The spices were found aboard the Gribshunden, a vessel that belonged to King Hans of Denmark and Norway and sank in 1495.
In 1495, the Danish warship Gribshunden exploded in the Baltic Sea off the coast of Sweden, sinking 36 feet into the watery depths below. The ship had served as King Hans of Denmark’s “floating castle,” and he carried a wealth of treasures on board — including a pantry full of exotic spices.
Remarkably, those spices remained immaculately preserved for over five centuries, according to a study published in the journal PLOS One.
“This is perhaps the most thrilling haul of spices from a shipwreck because of its age, quality of the plant remains — exotic, expensive spices — and the remarkable state of preservation,” study co-author Brendan Foley told Newsweek. “Beyond shipwrecks, this is certainly among the most fabulous discoveries of spices in any archaeological context, on land or sea.”
The haul represented more than 40 species of plants, many of which came from far-flung regions of the world. These included fruits, vegetables, nuts, and spices like saffron, clove, ginger, peppercorns, mustard, and dill.
“In the field, we knew that we had something special the moment the exotic spices appeared in the excavation,” Foley said.
The wreckage itself was rediscovered by divers back in the 1960s, but it was only recently that archaeologists began excavating the vessel — and discovered the spices.
But why would King Hans need to load up a warship with rare cuisine and expensive spices? The answer is quite simple: He wanted to flaunt his wealth and power.
“Exotic spices were status markers among the aristocracy in Scandinavia and around the Baltic Sea during the Middle Ages,” the study authors wrote.
The fact that these spices and foods were onboard highlights the importance of the circumstances surrounding the fateful voyage of the Gribshunden.
In 1495, King Hans and a retinue of courtiers, noblemen, and soldiers boarded the Gribshunden and departed from Denmark, setting sail for Sweden to attend a political summit. There, King Hans hoped to negotiate with a Swedish delegation to bring the entire Nordic region under his rule.
He sought to use the expensive foods and spices to impress Swedish officials by showing off how wealthy and powerful he — and by proxy, his kingdom — was.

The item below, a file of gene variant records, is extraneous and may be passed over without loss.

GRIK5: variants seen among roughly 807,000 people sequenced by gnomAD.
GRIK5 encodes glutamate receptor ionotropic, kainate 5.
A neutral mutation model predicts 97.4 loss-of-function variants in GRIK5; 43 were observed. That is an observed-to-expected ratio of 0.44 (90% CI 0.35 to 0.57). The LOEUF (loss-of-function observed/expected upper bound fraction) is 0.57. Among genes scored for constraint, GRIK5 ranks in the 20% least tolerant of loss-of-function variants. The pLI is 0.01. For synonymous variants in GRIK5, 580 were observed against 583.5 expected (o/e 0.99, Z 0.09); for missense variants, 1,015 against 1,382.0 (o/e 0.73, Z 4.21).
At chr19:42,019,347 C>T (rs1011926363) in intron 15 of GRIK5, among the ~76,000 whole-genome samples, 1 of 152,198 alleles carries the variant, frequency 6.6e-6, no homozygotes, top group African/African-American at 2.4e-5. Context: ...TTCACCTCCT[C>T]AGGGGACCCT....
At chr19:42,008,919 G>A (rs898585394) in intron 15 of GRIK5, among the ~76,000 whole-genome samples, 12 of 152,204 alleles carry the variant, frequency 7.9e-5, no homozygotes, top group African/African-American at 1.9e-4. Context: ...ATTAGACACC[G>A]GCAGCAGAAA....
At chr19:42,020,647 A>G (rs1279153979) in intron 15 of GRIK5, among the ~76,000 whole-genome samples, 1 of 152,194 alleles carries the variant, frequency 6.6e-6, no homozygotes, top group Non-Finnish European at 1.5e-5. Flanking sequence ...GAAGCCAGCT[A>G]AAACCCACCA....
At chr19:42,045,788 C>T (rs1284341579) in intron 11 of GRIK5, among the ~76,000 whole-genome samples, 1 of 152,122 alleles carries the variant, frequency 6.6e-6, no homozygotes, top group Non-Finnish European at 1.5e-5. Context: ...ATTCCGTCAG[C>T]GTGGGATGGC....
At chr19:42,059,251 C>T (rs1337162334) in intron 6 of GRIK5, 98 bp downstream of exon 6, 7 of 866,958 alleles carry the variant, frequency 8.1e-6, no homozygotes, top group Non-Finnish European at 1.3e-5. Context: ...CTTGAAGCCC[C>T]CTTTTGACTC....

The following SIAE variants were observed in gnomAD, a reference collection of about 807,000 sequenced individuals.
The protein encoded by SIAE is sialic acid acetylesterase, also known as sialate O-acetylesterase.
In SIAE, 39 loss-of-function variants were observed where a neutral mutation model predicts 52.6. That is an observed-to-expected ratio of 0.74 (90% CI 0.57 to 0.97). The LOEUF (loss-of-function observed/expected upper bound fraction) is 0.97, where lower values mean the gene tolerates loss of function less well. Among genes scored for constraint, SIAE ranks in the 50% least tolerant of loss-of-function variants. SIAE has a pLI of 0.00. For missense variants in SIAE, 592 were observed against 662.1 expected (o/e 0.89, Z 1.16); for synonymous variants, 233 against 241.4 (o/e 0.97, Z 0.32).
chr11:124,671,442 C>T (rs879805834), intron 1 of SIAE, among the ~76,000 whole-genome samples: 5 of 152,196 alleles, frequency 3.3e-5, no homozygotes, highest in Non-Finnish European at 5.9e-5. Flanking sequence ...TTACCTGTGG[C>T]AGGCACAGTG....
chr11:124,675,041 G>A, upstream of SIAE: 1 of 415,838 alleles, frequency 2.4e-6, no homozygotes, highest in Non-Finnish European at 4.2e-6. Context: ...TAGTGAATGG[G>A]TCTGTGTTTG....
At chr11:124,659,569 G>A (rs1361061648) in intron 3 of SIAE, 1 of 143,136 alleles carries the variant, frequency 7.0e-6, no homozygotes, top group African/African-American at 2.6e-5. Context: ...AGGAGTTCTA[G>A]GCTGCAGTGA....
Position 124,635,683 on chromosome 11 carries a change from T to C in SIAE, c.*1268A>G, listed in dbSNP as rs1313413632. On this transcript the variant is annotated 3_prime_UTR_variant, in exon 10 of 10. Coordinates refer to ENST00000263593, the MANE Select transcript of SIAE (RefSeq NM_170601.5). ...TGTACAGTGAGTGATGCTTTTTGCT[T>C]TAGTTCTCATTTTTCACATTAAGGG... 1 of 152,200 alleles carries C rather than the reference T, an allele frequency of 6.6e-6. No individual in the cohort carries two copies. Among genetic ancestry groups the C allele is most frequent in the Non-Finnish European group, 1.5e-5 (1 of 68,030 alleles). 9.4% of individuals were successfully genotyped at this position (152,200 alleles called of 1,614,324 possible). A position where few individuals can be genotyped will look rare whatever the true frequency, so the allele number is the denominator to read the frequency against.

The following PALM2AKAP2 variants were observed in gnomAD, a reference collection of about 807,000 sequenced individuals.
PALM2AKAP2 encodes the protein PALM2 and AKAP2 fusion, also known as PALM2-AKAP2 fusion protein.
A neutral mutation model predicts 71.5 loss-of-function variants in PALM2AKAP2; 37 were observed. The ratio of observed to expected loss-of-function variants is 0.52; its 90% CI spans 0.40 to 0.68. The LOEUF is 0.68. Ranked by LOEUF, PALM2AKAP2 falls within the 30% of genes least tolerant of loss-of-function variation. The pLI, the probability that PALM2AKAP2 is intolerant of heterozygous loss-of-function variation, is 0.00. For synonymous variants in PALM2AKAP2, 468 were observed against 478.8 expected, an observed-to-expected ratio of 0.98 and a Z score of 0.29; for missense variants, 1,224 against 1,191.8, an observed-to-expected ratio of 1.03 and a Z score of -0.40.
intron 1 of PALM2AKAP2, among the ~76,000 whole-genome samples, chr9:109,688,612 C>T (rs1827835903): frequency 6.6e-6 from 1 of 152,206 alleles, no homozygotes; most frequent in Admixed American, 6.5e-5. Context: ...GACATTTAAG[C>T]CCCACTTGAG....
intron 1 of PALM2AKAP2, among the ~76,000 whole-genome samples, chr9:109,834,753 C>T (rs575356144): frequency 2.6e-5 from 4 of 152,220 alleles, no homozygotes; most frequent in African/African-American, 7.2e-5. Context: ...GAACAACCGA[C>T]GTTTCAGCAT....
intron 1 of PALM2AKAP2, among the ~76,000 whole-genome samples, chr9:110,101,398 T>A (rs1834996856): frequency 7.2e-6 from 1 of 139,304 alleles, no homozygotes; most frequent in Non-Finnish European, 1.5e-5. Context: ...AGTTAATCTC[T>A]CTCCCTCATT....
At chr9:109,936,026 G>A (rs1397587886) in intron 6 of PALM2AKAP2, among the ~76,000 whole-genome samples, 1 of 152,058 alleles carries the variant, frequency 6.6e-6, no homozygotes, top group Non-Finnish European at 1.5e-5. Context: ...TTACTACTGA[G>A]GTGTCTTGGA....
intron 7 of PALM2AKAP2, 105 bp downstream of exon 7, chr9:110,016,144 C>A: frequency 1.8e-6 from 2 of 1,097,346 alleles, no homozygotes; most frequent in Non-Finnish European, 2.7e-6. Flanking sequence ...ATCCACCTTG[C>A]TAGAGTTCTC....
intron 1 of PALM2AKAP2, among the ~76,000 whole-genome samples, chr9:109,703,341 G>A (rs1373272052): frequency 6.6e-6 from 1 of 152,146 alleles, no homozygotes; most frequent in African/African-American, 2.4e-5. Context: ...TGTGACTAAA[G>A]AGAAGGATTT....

“We see that King Hans and his social circle not only consumed these expensive delicacies, Hans also used the spices to demonstrate his wealth and global connections,” Foley said.
Had things gone according to plan, Hans would have impressed the Swedish delegation by presenting them with an array of exotic foods and spices, successfully convincing them to submit to his rule.
Instead, once the king had disembarked, an explosion destroyed his ship and sunk its valuable cargo into the sea. While this historical context adds to the remarkableness of the discovery, Foley believes there is more history to be gleaned from the wreckage.
“We also see from these spices the beginnings of the first true period of globalization,” he said. “Beginning in the late 1400s, the entire planet becomes connected in a way it never had been before. It’s the launch of the modern world, and a lot of it is due to the new class of ships like Gribshunden. Goods are traded and people are communicating across previously unimaginable distances.”
The design of the Gribshunden was similar to that of Christopher Columbus’ Santa María and other ships of the era that enabled European countries to expand into the “New World.”
“It’s our best look at what those ships must have been like,” Foley said. “It’s a well-preserved example of the enabling technologies that led to European domination of the planet after 1492.”
After learning about the 500-year-old spices found aboard the Gribshunden, read about the 400-year-old shipwreck that was touted as the “discovery of the century.” Or, learn about the divers who saved 900 bottles of 100-year-old booze from the wreckage of a World War I ship.